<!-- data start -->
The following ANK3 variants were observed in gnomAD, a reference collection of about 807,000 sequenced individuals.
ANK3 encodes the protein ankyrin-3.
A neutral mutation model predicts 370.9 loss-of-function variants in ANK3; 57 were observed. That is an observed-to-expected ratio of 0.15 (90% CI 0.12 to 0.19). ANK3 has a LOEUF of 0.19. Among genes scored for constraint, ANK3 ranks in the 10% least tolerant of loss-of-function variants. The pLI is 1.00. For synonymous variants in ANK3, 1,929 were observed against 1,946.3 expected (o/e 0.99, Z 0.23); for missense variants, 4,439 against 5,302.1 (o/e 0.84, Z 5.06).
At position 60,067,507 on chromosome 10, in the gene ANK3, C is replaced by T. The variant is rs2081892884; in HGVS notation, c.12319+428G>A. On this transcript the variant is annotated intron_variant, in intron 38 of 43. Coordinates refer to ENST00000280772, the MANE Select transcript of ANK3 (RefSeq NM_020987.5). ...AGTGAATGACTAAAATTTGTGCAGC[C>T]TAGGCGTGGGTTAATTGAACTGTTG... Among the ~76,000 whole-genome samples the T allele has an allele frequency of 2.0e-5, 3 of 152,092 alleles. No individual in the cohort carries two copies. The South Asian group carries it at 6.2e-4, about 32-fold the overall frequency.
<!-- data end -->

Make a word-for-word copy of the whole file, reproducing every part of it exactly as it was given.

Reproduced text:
The following ANK3 variants were observed in gnomAD, a reference collection of about 807,000 sequenced individuals.
ANK3 encodes the protein ankyrin-3.
A neutral mutation model predicts 370.9 loss-of-function variants in ANK3; 57 were observed. That is an observed-to-expected ratio of 0.15 (90% CI 0.12 to 0.19). ANK3 has a LOEUF of 0.19. Among genes scored for constraint, ANK3 ranks in the 10% least tolerant of loss-of-function variants. The pLI is 1.00. For synonymous variants in ANK3, 1,929 were observed against 1,946.3 expected (o/e 0.99, Z 0.23); for missense variants, 4,439 against 5,302.1 (o/e 0.84, Z 5.06).
At position 60,067,507 on chromosome 10, in the gene ANK3, C is replaced by T. The variant is rs2081892884; in HGVS notation, c.12319+428G>A. On this transcript the variant is annotated intron_variant, in intron 38 of 43. Coordinates refer to ENST00000280772, the MANE Select transcript of ANK3 (RefSeq NM_020987.5). ...AGTGAATGACTAAAATTTGTGCAGC[C>T]TAGGCGTGGGTTAATTGAACTGTTG... Among the ~76,000 whole-genome samples the T allele has an allele frequency of 2.0e-5, 3 of 152,092 alleles. No individual in the cohort carries two copies. The South Asian group carries it at 6.2e-4, about 32-fold the overall frequency.